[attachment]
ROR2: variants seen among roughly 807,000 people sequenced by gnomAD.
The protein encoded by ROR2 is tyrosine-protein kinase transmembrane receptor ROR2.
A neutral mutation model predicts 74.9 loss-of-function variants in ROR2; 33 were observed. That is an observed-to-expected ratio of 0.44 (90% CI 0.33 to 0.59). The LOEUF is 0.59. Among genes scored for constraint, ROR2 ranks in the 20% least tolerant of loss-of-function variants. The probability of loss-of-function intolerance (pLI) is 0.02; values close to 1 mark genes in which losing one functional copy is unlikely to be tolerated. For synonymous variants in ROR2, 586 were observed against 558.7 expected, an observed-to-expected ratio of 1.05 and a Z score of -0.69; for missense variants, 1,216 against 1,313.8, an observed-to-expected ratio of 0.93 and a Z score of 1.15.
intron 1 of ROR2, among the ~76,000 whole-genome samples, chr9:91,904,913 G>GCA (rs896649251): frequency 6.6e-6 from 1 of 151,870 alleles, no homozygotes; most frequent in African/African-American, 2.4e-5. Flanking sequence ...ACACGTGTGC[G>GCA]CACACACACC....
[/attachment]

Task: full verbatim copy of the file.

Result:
ROR2: variants seen among roughly 807,000 people sequenced by gnomAD.
The protein encoded by ROR2 is tyrosine-protein kinase transmembrane receptor ROR2.
A neutral mutation model predicts 74.9 loss-of-function variants in ROR2; 33 were observed. That is an observed-to-expected ratio of 0.44 (90% CI 0.33 to 0.59). The LOEUF is 0.59. Among genes scored for constraint, ROR2 ranks in the 20% least tolerant of loss-of-function variants. The probability of loss-of-function intolerance (pLI) is 0.02; values close to 1 mark genes in which losing one functional copy is unlikely to be tolerated. For synonymous variants in ROR2, 586 were observed against 558.7 expected, an observed-to-expected ratio of 1.05 and a Z score of -0.69; for missense variants, 1,216 against 1,313.8, an observed-to-expected ratio of 0.93 and a Z score of 1.15.
intron 1 of ROR2, among the ~76,000 whole-genome samples, chr9:91,904,913 G>GCA (rs896649251): frequency 6.6e-6 from 1 of 151,870 alleles, no homozygotes; most frequent in African/African-American, 2.4e-5. Flanking sequence ...ACACGTGTGC[G>GCA]CACACACACC....